Monday, February 27, 2017

Inquiry Ain't Easy - Especially for ELL

I wish I spoke Mandarin and Cantonese.

This would be helpful, not because I want to travel to China in the future, but because I want more ways to help my English Language Learners.

Even when we share the same language, sometimes it isn't easy to teach and learn.

Take my recent group of Grade 4 students. I like partnering with their teacher because she is excellent at inter-teacher communication. She has a Grade 3-4 combined class this year and we agreed to separate the Grade 3s and the Grade 4s for partnering time for science, so that we could spend more time on content-specific tasks and concepts. We planned together, taught apart, and reflected on the process together. At first, I had the Grade 3s and she had the 4s. After six weeks, we decided that it would be healthy to switch groups. She admitted to me that she did not feel particularly adept at inquiry based learning and asked if I could focus my time with the Grade 4s on inquiry. I readily agreed. As the teacher-librarian, I thought I was decently qualified to work with students on developing their own inquiry questions. I believed that it would be less difficult because our inquiry questions would stem from topics they just finished studying with their classroom teacher. These students had been exposed to inquiry-based learning before, so it should just be a matter of reigniting their prior learning. I was looking forward to open inquiry, where the student questions would guide our investigations.

Silly me!

The students generated their own questions about light and sound but when I dug a bit deeper, through conversations with them and with their classroom teacher, I discovered that many of these questions were ones that they already knew the answers to or were already answered earlier in-class. Some of the questions weren't even "big, thick, meaty, juicy chicken wing" questions; they were "small, thin, bony chicken wing" questions with yes-no or one-word answers.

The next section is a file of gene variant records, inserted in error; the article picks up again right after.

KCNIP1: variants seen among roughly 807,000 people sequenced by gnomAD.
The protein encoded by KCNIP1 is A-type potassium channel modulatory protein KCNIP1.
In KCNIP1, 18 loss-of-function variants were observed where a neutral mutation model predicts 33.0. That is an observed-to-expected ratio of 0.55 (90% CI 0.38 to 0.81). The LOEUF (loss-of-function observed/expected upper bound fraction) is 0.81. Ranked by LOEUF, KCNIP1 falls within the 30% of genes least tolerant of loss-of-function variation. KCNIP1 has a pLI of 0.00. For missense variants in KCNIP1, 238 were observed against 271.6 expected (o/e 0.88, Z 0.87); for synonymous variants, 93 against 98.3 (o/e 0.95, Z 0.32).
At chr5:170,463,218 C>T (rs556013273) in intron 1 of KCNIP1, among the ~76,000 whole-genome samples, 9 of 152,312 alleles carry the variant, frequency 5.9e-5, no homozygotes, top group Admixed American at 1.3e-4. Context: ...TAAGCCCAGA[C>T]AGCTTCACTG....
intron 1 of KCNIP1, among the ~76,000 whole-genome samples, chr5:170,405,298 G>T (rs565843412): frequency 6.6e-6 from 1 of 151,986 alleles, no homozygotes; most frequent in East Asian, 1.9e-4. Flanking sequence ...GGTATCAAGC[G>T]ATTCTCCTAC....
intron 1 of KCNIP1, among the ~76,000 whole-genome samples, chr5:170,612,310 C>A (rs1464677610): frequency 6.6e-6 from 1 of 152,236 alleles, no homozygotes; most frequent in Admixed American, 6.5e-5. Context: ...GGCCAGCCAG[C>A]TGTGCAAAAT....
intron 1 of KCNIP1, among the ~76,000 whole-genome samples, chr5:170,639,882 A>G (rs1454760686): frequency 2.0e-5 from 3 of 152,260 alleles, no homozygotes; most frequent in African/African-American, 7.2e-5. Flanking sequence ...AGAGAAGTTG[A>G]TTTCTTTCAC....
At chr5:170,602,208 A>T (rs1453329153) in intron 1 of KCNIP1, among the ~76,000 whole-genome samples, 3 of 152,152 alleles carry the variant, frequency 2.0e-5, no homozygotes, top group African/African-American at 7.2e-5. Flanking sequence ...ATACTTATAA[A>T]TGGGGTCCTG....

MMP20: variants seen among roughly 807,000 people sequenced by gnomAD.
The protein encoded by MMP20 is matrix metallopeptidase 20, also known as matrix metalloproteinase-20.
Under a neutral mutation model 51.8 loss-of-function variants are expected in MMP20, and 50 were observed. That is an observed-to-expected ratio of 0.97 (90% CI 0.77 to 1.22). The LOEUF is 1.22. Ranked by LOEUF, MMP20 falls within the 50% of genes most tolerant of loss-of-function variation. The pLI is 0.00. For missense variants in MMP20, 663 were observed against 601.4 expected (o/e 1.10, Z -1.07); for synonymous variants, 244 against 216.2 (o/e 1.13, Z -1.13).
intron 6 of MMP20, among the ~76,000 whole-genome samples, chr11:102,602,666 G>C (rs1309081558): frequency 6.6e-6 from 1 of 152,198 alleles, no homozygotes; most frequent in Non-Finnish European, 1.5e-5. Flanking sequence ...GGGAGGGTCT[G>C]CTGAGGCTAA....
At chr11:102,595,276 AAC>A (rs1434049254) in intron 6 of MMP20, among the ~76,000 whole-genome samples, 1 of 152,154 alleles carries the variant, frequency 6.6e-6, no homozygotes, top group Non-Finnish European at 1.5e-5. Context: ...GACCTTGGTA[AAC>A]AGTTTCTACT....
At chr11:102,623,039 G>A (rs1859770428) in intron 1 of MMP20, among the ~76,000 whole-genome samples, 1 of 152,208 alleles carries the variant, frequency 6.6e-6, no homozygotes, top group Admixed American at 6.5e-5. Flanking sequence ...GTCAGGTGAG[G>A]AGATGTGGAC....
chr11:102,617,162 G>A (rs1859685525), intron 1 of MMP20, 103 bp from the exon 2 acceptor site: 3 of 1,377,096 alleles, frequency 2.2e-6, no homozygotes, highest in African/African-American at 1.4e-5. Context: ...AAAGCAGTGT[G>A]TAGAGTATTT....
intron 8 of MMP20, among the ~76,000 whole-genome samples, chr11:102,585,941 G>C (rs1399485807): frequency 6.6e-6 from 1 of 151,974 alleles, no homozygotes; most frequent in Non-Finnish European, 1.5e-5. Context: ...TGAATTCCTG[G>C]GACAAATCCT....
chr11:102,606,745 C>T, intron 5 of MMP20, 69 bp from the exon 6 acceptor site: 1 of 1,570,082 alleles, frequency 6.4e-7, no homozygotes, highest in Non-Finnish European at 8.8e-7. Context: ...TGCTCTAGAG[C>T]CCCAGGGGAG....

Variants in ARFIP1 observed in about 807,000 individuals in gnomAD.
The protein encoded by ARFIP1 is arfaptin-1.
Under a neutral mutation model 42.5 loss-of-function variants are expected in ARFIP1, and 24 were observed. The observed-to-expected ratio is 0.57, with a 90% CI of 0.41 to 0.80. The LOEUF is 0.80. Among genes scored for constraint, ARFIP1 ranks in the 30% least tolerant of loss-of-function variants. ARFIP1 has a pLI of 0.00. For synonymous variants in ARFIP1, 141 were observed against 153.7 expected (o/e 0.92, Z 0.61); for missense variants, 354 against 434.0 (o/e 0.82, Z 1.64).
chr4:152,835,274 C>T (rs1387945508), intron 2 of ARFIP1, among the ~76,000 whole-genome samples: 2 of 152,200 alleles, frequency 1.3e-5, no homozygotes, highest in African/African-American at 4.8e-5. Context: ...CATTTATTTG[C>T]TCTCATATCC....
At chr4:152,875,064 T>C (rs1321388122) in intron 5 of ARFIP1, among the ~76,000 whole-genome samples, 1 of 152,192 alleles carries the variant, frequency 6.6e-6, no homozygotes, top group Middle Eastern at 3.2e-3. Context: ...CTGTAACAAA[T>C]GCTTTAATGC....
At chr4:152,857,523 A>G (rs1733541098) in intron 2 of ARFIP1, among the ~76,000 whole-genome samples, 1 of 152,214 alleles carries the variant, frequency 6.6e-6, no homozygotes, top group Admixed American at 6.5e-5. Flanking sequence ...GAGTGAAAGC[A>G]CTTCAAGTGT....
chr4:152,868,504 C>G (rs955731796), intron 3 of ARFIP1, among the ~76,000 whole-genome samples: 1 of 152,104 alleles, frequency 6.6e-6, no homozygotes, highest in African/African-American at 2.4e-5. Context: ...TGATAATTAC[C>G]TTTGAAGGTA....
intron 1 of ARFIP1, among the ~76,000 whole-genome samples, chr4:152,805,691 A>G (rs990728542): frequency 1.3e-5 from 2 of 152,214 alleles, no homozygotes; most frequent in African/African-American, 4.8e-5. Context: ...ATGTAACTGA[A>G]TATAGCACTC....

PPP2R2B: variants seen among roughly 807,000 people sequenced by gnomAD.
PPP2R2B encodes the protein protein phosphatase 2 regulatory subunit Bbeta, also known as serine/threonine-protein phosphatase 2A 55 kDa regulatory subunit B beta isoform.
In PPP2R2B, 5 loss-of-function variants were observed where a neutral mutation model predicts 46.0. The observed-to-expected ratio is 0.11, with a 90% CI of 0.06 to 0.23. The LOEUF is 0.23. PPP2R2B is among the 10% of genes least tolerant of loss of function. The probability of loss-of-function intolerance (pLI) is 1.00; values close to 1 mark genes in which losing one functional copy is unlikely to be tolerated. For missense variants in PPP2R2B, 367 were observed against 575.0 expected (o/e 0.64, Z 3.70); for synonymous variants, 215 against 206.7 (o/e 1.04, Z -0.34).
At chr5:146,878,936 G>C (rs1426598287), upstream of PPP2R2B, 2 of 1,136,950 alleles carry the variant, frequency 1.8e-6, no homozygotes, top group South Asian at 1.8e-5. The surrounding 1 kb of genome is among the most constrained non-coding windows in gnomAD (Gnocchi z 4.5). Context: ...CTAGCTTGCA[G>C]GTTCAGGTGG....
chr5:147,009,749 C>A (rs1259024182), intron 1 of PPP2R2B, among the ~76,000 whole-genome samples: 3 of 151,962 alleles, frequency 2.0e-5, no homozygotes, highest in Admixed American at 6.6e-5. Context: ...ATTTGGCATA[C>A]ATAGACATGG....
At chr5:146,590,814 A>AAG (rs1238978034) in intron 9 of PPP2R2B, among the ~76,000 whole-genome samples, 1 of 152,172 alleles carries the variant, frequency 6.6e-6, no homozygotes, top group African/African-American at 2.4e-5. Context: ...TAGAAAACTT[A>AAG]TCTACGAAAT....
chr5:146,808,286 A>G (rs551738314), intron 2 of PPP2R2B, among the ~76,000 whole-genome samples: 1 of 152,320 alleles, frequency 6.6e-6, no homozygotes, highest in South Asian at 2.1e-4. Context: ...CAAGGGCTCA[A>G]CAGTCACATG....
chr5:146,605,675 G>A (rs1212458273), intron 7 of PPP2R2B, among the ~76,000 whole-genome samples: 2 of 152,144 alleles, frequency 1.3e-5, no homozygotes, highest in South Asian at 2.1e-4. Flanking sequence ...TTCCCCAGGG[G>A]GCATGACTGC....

Then there were my ESL students. Despite having read and internalized these guidelines for supporting and including ELL in inquiry - see - I had trouble reaching them. They were extremely hesitant and reluctant to speak and ask questions, never mind generate their own questions.

I used my board's fabulous Virtual Library site to try and inspire some new questions, but my ELL Grade 4s found the material too advanced and my English speaking Grade 4s were distracted and unfocused. (It didn't help that the wi-fi was malfunctioning that day and we couldn't maintain a stable connection.)
This was not going as well as I had hoped.  I had followed the TDSB Implementing Student Inquiry guidelines. I used the Wiggins and McTighe Backwards Design model (page 11). I sought student voice and choice, as well as positive interactions and a comfortable learning environment (page 13). My solution lay back in the types of inquiry possibilities. I needed to abandon the idea of open inquiry in favor of a blended inquiry model.